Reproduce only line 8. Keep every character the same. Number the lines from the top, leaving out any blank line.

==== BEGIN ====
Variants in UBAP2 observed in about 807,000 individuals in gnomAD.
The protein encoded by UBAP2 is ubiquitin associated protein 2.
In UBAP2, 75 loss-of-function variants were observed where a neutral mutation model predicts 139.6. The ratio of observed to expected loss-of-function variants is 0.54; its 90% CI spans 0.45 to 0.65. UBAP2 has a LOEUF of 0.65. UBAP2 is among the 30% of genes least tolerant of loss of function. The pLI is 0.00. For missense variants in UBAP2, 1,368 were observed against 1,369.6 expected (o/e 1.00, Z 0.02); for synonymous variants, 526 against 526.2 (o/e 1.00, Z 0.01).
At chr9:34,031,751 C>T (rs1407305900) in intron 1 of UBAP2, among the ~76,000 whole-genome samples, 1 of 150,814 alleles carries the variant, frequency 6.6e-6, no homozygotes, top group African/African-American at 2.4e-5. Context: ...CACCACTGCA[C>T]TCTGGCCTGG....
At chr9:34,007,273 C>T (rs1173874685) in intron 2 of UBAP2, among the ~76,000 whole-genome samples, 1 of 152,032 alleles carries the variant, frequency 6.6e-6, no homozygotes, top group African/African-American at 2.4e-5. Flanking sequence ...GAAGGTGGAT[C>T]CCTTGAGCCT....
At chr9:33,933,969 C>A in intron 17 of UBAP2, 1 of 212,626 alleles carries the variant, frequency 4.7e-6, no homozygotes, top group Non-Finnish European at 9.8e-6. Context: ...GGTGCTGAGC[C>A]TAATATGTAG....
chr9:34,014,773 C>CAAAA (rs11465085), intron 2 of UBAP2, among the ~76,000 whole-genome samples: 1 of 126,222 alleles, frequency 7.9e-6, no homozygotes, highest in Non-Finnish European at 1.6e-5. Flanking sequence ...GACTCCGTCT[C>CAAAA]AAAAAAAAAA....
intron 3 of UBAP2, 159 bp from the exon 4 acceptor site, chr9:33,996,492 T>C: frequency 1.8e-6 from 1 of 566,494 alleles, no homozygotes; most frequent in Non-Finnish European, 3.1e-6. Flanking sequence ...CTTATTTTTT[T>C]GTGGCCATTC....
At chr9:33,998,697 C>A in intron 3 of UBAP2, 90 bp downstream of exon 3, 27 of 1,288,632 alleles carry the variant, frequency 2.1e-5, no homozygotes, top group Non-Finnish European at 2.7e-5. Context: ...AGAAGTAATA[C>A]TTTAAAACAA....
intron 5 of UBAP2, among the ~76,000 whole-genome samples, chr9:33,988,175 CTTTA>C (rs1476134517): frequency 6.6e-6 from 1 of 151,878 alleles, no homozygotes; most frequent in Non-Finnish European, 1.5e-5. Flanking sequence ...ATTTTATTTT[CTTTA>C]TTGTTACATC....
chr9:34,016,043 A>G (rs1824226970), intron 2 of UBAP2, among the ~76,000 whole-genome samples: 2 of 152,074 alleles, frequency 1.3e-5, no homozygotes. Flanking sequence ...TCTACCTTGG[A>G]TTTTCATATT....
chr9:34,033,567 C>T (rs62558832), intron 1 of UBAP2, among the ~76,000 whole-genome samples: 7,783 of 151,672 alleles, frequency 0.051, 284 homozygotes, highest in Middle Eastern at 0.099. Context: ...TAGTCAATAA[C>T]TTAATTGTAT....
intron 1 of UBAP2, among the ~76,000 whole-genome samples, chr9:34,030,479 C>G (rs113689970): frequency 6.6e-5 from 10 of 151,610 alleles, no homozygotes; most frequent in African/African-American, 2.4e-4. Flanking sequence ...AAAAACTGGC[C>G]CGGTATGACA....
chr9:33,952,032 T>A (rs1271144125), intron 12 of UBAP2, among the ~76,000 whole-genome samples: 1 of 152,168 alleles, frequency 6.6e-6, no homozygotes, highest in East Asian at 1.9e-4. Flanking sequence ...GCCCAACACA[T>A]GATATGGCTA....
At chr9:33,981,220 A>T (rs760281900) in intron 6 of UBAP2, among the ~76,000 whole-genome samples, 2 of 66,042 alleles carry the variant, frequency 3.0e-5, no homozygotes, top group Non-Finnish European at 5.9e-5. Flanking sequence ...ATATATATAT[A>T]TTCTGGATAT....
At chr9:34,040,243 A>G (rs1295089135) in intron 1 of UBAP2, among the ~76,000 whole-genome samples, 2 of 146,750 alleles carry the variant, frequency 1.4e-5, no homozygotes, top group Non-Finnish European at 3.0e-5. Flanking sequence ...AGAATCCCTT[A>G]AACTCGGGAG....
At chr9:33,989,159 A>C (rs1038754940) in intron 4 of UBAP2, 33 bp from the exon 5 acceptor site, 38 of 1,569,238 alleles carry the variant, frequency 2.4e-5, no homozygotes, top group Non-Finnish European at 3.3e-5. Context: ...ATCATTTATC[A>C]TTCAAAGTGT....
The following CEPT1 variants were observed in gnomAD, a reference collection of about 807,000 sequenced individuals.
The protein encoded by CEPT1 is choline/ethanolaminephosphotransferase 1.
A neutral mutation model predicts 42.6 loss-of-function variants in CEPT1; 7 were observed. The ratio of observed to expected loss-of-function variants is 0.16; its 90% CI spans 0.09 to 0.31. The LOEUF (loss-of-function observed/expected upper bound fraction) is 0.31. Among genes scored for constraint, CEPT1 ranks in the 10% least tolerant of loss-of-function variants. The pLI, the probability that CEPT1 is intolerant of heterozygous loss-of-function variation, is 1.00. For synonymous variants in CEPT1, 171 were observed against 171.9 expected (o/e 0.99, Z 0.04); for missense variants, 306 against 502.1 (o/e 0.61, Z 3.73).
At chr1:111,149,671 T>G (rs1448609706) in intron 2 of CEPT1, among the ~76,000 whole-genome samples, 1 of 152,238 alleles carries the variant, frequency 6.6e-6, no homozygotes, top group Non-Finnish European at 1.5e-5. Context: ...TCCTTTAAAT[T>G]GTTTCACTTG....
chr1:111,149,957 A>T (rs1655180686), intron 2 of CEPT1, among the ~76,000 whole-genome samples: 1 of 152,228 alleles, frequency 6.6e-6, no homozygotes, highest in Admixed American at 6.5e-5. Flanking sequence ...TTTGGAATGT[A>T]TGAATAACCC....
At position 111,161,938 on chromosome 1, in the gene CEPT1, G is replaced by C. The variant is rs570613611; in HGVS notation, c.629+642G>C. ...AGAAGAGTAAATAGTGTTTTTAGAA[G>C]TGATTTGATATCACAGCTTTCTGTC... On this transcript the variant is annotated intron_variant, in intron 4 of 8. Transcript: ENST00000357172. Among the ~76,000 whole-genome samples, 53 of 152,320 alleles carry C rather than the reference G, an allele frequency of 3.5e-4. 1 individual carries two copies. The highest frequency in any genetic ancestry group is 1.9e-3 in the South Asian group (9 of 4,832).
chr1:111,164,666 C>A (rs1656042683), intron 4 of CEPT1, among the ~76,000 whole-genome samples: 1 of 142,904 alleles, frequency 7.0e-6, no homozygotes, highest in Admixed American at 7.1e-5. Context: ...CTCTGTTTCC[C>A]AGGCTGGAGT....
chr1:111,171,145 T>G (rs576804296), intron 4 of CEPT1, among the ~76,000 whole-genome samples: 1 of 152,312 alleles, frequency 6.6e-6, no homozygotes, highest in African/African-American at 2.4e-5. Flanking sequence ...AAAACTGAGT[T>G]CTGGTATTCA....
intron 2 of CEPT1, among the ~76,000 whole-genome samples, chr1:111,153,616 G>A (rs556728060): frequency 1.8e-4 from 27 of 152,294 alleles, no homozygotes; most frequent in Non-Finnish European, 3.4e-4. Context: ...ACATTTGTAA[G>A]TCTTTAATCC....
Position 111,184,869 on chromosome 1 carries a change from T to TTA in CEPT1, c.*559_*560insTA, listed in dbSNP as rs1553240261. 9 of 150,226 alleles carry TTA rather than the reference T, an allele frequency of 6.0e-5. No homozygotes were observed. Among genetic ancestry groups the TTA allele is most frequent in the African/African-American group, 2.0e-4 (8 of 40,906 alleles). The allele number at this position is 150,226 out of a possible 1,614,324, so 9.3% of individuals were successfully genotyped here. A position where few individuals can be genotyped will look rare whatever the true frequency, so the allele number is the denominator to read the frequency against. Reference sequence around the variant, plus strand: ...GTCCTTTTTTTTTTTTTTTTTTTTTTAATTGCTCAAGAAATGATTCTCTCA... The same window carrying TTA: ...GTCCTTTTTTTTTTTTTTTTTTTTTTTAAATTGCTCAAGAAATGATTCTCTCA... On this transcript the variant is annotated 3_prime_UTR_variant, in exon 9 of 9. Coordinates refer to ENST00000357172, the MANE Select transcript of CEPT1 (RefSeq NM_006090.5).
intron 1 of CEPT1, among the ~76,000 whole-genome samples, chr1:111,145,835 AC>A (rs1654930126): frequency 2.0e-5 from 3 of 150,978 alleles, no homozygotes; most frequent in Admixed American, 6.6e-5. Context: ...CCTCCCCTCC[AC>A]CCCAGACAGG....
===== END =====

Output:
intron 3 of UBAP2, 159 bp from the exon 4 acceptor site, chr9:33,996,492 T>C: frequency 1.8e-6 from 1 of 566,494 alleles, no homozygotes; most frequent in Non-Finnish European, 3.1e-6. Flanking sequence ...CTTATTTTTT[T>C]GTGGCCATTC....